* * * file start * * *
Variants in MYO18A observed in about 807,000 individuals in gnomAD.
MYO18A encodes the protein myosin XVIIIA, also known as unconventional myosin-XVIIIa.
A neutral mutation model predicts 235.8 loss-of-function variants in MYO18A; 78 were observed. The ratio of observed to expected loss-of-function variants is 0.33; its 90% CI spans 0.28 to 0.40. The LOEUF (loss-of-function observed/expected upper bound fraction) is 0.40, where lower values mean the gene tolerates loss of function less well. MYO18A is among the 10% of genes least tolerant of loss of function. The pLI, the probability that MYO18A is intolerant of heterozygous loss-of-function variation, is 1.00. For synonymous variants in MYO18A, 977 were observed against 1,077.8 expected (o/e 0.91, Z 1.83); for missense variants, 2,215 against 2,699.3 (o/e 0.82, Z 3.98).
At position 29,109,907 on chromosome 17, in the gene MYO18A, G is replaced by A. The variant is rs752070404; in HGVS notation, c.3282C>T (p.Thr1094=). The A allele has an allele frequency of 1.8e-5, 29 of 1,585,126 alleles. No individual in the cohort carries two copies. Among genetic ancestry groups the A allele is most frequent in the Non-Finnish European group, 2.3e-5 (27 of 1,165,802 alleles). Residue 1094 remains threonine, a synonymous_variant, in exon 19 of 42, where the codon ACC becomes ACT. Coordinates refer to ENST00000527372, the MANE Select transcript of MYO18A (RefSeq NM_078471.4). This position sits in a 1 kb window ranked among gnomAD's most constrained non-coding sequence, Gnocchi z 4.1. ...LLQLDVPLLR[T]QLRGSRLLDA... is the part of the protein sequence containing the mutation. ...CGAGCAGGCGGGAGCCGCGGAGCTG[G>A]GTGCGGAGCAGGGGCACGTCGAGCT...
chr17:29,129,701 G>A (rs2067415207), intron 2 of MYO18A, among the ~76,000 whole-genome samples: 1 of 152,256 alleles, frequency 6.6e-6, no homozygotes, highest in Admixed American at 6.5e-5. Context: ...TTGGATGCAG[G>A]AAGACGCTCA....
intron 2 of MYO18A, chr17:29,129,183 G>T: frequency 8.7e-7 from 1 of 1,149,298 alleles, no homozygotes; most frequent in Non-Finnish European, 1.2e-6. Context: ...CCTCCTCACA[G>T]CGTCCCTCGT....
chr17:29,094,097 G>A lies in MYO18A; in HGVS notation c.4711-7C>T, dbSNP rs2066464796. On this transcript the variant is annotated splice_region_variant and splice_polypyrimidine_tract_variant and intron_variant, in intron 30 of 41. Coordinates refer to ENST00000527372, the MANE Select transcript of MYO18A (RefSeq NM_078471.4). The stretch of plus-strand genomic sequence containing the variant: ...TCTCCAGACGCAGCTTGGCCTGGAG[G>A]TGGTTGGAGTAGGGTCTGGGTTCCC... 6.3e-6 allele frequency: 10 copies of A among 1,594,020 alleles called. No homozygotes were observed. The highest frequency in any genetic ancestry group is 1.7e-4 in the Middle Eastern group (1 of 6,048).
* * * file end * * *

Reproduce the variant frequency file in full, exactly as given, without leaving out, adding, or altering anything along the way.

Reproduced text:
Variants in MYO18A observed in about 807,000 individuals in gnomAD.
MYO18A encodes the protein myosin XVIIIA, also known as unconventional myosin-XVIIIa.
A neutral mutation model predicts 235.8 loss-of-function variants in MYO18A; 78 were observed. The ratio of observed to expected loss-of-function variants is 0.33; its 90% CI spans 0.28 to 0.40. The LOEUF (loss-of-function observed/expected upper bound fraction) is 0.40, where lower values mean the gene tolerates loss of function less well. MYO18A is among the 10% of genes least tolerant of loss of function. The pLI, the probability that MYO18A is intolerant of heterozygous loss-of-function variation, is 1.00. For synonymous variants in MYO18A, 977 were observed against 1,077.8 expected (o/e 0.91, Z 1.83); for missense variants, 2,215 against 2,699.3 (o/e 0.82, Z 3.98).
At position 29,109,907 on chromosome 17, in the gene MYO18A, G is replaced by A. The variant is rs752070404; in HGVS notation, c.3282C>T (p.Thr1094=). The A allele has an allele frequency of 1.8e-5, 29 of 1,585,126 alleles. No individual in the cohort carries two copies. Among genetic ancestry groups the A allele is most frequent in the Non-Finnish European group, 2.3e-5 (27 of 1,165,802 alleles). Residue 1094 remains threonine, a synonymous_variant, in exon 19 of 42, where the codon ACC becomes ACT. Coordinates refer to ENST00000527372, the MANE Select transcript of MYO18A (RefSeq NM_078471.4). This position sits in a 1 kb window ranked among gnomAD's most constrained non-coding sequence, Gnocchi z 4.1. ...LLQLDVPLLR[T]QLRGSRLLDA... is the part of the protein sequence containing the mutation. ...CGAGCAGGCGGGAGCCGCGGAGCTG[G>A]GTGCGGAGCAGGGGCACGTCGAGCT...
chr17:29,129,701 G>A (rs2067415207), intron 2 of MYO18A, among the ~76,000 whole-genome samples: 1 of 152,256 alleles, frequency 6.6e-6, no homozygotes, highest in Admixed American at 6.5e-5. Context: ...TTGGATGCAG[G>A]AAGACGCTCA....
intron 2 of MYO18A, chr17:29,129,183 G>T: frequency 8.7e-7 from 1 of 1,149,298 alleles, no homozygotes; most frequent in Non-Finnish European, 1.2e-6. Context: ...CCTCCTCACA[G>T]CGTCCCTCGT....
chr17:29,094,097 G>A lies in MYO18A; in HGVS notation c.4711-7C>T, dbSNP rs2066464796. On this transcript the variant is annotated splice_region_variant and splice_polypyrimidine_tract_variant and intron_variant, in intron 30 of 41. Coordinates refer to ENST00000527372, the MANE Select transcript of MYO18A (RefSeq NM_078471.4). The stretch of plus-strand genomic sequence containing the variant: ...TCTCCAGACGCAGCTTGGCCTGGAG[G>A]TGGTTGGAGTAGGGTCTGGGTTCCC... 6.3e-6 allele frequency: 10 copies of A among 1,594,020 alleles called. No homozygotes were observed. The highest frequency in any genetic ancestry group is 1.7e-4 in the Middle Eastern group (1 of 6,048).